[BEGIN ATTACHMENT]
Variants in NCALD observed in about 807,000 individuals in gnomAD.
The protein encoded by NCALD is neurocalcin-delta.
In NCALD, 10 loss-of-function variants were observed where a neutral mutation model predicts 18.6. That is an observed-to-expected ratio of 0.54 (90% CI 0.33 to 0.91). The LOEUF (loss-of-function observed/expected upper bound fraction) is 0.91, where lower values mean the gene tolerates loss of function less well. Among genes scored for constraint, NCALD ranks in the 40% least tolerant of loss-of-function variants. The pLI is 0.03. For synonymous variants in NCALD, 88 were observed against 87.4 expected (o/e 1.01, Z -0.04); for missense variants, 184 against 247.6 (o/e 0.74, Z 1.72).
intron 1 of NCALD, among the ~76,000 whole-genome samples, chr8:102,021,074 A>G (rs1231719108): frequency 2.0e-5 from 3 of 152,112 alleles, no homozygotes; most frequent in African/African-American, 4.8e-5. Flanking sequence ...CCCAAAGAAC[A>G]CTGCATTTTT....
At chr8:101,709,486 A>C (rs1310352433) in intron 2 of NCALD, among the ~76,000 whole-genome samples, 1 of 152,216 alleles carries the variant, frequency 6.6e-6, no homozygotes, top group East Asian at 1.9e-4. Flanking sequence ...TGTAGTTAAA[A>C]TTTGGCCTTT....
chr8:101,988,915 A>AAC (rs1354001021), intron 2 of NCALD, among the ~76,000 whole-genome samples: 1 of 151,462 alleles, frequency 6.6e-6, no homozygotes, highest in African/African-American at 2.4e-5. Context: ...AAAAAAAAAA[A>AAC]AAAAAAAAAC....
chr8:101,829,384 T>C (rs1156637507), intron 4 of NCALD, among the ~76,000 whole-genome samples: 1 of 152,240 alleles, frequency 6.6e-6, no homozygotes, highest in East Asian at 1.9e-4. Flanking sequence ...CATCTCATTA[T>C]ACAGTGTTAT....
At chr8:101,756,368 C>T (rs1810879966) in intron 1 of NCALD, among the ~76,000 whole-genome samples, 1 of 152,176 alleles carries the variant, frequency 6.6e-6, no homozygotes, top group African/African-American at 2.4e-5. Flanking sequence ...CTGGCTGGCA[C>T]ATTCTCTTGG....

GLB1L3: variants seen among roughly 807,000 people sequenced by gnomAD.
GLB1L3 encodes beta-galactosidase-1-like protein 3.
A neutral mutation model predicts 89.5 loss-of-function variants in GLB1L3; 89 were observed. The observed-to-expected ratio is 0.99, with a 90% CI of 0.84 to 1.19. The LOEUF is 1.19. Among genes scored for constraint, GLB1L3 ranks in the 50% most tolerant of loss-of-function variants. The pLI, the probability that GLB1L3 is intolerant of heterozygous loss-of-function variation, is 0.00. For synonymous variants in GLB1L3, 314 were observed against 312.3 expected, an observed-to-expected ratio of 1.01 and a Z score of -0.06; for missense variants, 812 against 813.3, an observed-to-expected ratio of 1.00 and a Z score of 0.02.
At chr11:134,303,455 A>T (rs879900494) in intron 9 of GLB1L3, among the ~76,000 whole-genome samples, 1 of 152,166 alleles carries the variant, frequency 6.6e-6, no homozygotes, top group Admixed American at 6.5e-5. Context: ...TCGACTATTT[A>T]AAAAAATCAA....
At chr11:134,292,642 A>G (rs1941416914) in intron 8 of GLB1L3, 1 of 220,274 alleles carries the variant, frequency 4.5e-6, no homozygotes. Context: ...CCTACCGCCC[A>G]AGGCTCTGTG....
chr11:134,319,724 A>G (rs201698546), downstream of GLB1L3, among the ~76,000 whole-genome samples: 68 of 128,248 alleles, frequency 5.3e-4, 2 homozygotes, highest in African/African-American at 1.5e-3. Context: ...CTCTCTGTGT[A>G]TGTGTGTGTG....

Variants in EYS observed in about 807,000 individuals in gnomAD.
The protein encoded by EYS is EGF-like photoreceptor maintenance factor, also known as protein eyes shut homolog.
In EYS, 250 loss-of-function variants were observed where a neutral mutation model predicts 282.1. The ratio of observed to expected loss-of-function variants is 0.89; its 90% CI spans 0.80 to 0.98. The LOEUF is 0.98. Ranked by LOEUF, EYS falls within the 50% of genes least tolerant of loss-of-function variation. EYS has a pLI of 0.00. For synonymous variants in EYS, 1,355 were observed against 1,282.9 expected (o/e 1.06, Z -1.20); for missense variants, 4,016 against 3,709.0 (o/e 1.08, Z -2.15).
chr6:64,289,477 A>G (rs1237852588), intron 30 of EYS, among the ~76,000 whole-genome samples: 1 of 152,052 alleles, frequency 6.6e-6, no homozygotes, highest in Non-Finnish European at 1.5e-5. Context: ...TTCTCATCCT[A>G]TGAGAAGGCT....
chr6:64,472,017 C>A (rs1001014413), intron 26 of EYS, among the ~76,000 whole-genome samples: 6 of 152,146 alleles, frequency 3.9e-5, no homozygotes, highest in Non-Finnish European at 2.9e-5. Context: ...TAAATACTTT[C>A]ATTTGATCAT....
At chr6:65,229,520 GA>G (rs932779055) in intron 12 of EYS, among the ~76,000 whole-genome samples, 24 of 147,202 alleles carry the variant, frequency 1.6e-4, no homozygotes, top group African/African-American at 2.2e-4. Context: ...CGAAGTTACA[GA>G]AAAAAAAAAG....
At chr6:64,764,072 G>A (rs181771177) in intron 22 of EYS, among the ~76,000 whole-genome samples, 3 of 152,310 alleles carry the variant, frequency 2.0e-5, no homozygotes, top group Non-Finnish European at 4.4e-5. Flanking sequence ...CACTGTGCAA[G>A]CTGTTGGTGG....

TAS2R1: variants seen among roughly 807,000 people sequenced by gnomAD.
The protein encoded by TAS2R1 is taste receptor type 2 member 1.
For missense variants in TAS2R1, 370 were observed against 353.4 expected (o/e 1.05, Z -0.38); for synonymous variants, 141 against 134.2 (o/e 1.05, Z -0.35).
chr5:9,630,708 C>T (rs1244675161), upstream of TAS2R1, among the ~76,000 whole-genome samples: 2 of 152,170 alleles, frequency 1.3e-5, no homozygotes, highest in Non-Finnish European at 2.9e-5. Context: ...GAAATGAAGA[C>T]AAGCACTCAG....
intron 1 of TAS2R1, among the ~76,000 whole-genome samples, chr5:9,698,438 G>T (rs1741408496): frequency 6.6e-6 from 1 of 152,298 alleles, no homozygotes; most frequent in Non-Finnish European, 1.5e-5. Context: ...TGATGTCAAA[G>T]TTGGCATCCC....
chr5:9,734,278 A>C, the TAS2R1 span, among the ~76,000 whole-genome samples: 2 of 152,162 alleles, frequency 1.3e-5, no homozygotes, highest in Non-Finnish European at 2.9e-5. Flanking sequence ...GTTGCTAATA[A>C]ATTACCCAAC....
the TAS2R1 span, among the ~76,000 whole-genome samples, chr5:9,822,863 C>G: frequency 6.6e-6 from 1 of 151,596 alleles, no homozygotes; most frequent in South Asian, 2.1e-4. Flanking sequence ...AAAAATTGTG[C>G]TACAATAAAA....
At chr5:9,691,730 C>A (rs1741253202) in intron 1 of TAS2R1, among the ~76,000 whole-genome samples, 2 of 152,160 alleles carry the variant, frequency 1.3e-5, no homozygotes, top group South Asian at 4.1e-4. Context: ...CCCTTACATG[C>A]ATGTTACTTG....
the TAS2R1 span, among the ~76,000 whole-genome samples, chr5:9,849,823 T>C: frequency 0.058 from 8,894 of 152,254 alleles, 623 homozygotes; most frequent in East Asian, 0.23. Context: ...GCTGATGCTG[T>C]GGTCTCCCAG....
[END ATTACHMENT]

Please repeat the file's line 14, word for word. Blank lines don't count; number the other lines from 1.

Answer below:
chr11:134,319,724 A>G (rs201698546), downstream of GLB1L3, among the ~76,000 whole-genome samples: 68 of 128,248 alleles, frequency 5.3e-4, 2 homozygotes, highest in African/African-American at 1.5e-3. Context: ...CTCTCTGTGT[A>G]TGTGTGTGTG....